superior force. Douglas failed, however, to destroy Banagher bridge, which was his chief object (Story, Continuation, p. 42; Macariæ Excidium, p. 386).
The siege of Limerick being raised, Tyrconnel went to France, leaving Berwick in supreme military command, but controlled by a council of war. Sarsfield was the last member named, and it was thought that he would not have been named at all but for the fear that every soldier would revolt to him if he showed resentment at the slight (ib. p. 72). The party opposed to Tyrconnel dreaded his influence with James and with the French king, and wished to have their own views represented at Versailles. Simon Luttrell, Brigadier Dorington, and Sarsfield accordingly went to Berwick on the part of what he calls ‘l'assemblée générale de la nation,’ and asked him to send agents in their confidence. He rebuked their presumption for holding meetings without his leave, but after a day's hesitation granted their request. As Avaux had foreseen, no one was willingly obeyed by the Irish but Sarsfield, who had good intelligence from all parts of Ireland. He was a bad administrator, and a contemporary writer very partial to him says he was so easy-going as to grant every request and sign every paper without inquiry (ib. p. 97). The confusion which reigned in the Irish quarters is well described by Macaulay (chap. xvii.)
Berwick was only twenty, but he tried to keep the peace, and he made Sarsfield governor of Galway and of Connaught generally. Tyrconnel returned to Ireland in January 1691, with Sarsfield's patent as Earl of Lucan, and found it prudent to court his friendship; but he became less attentive when St. Ruth arrived in May with a commission, putting him over Sarsfield's head, but not making him independent of the viceroy. The Irish officers resented Sarsfield's being passed over, and were half mutinous, but he did what he could to pacify them (Clarke, ii. 434). On 8 June Ginkel took the fort of Ballymore in Westmeath, which had been constructed by Sarsfield as an outpost to Athlone, and ten days later he came to the Shannon. Sarsfield played no part in the defence of Athlone, for he was disliked by both Tyrconnel and St. Ruth; while Maxwell, whom he had publicly denounced for his hostility to the Irish at the French court, was given an important post. Sarsfield had procured a general protest of the colonels against Tyrconnel's interference in military matters. According to Oldmixon (Hist. of William III), even when Ginkel's troops were entering the Shannon, St. Ruth ridiculed the idea of the town being taken before his eyes; but Sarsfield told him that he did not know what English valour could do, and advised him to bring up supports at once. St. Ruth answered with a jest, and hot words followed. After the fall of Athlone on 30 July, the Irish withdrew to Ballinasloe, where there was a council of war. Sarsfield, who was followed by most of the Irish officers, was strong against a pitched battle in which Ginkel's disciplined veterans would have so great an advantage. His idea was to throw his infantry into Limerick and Galway, and to defend those towns to the last. With the cavalry he proposed to cross the Shannon, and to harry Leinster and Munster in the Dutchman's rear. One account says he did not despair of surprising Dublin (Macariæ Excidium, p. 130). But St. Ruth felt that only a startling victory in the field could retrieve his own damaged reputation.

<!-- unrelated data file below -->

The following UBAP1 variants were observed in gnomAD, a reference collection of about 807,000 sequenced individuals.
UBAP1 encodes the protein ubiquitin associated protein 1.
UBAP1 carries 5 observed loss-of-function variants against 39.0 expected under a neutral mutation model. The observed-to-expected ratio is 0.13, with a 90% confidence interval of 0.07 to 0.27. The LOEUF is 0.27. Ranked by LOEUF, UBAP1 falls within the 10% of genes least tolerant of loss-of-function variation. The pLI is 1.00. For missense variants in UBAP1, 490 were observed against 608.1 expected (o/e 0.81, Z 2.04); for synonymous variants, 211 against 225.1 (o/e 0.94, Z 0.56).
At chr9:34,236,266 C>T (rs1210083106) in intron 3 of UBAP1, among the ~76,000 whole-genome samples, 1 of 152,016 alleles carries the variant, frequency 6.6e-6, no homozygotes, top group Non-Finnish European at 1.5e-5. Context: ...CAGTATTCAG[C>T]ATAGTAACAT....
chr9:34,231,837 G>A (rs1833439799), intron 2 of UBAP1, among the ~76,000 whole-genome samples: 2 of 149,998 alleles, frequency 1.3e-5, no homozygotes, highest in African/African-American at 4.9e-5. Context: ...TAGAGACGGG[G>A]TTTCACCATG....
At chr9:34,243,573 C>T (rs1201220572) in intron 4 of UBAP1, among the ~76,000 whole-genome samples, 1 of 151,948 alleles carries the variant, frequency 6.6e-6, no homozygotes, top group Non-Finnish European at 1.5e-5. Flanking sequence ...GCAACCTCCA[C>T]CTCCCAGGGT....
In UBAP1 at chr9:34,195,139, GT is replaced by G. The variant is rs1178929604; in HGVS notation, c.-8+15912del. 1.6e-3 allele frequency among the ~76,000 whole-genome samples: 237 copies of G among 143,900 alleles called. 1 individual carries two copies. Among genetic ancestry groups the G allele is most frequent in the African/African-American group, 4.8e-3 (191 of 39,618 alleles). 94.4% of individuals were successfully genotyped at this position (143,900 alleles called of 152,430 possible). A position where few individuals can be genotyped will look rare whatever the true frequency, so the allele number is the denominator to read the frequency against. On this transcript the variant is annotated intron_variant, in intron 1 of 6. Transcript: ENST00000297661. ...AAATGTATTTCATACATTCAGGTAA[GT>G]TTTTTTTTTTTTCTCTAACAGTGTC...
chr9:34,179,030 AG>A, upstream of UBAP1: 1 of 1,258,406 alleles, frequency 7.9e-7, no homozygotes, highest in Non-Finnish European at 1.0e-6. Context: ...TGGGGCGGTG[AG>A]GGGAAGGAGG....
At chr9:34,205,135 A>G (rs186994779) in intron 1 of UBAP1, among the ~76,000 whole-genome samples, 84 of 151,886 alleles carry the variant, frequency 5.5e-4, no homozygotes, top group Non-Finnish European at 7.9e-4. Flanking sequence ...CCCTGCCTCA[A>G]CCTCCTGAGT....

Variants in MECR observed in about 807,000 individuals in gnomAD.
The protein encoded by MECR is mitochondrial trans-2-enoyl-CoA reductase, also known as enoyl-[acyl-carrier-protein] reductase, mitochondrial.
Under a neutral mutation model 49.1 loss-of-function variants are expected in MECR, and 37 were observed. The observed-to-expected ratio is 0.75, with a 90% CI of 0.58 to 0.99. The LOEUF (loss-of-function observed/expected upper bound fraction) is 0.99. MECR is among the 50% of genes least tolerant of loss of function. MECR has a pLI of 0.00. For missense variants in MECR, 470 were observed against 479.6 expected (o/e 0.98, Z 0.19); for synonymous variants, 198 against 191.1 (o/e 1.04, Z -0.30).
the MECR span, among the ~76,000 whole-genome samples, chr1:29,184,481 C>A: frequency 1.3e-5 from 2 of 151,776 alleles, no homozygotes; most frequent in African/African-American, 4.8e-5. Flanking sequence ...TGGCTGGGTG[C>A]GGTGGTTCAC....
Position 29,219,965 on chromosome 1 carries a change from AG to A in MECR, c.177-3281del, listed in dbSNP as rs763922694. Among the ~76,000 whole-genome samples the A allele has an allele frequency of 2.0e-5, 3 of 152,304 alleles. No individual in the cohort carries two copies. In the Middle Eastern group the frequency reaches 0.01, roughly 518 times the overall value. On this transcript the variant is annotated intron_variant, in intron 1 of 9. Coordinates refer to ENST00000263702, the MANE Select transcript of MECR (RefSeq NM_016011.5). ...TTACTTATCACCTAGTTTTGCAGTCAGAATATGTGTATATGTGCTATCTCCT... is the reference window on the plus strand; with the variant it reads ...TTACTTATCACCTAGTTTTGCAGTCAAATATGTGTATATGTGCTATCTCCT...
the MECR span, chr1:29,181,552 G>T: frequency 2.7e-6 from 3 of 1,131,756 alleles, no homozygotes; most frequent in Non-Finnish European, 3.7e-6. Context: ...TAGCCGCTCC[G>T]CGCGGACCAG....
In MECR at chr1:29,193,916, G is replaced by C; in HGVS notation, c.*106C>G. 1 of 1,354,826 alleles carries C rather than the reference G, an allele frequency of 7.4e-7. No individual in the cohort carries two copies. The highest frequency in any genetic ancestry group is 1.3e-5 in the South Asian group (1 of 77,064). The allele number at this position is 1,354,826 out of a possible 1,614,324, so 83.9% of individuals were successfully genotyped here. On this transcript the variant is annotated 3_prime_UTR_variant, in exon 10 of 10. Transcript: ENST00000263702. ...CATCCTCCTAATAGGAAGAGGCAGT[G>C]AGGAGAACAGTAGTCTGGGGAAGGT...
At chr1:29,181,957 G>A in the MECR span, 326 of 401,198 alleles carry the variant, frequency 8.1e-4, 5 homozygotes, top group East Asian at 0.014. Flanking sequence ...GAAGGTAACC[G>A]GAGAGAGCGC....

He accordingly gave battle at Aughrim on 12 July. Sarsfield commanded the reserve. ‘There had been great disputes,’ says the French military historian, ‘between him and St. Ruth about the taking of Athlone, and the divisions of the generals had divided the troops, which contributed much to the loss of the battle’ (De Quincy, ii. 462). The night before the action a colonel came into Lord Trimleston's tent, and said he would obey Lord Lucan independently of the king's authority, and if he ordered it would kill any man in the army (Clarke, ii. 460). Trimleston told St. Ruth, but the matter was hushed up. Next day St. Ruth's head was shot off just when it seemed probable that he might win; but Sarsfield, although second in command, was not informed of the fact. He had received no orders, and had not even been told his late general's plan. All he could do was to protect the retreat with his small but unbroken force, and he took the road to Limerick. Galway, which Sarsfield had so carefully fortified, surrendered on 24 July, and the Irish troops there also marched to Limerick. There Sarsfield was the soul of the defence both before and after the viceroy's death on 10 Aug., though D'Usson succeeded to the command.
When it became evident that the further defence of Limerick could only cause needless misery, Sarsfield sought an interview with Ruvigny, and a cessation of arms was agreed to on 24 Sept. ‘During the treaty,’ says Burnet (ii. 81), ‘a saying of Sarsfield's deserves to be remembered, for it was much talked of all Europe over. He asked some of the English officers if they had not come to a better opinion of the Irish by their behaviour during this war; and whereas they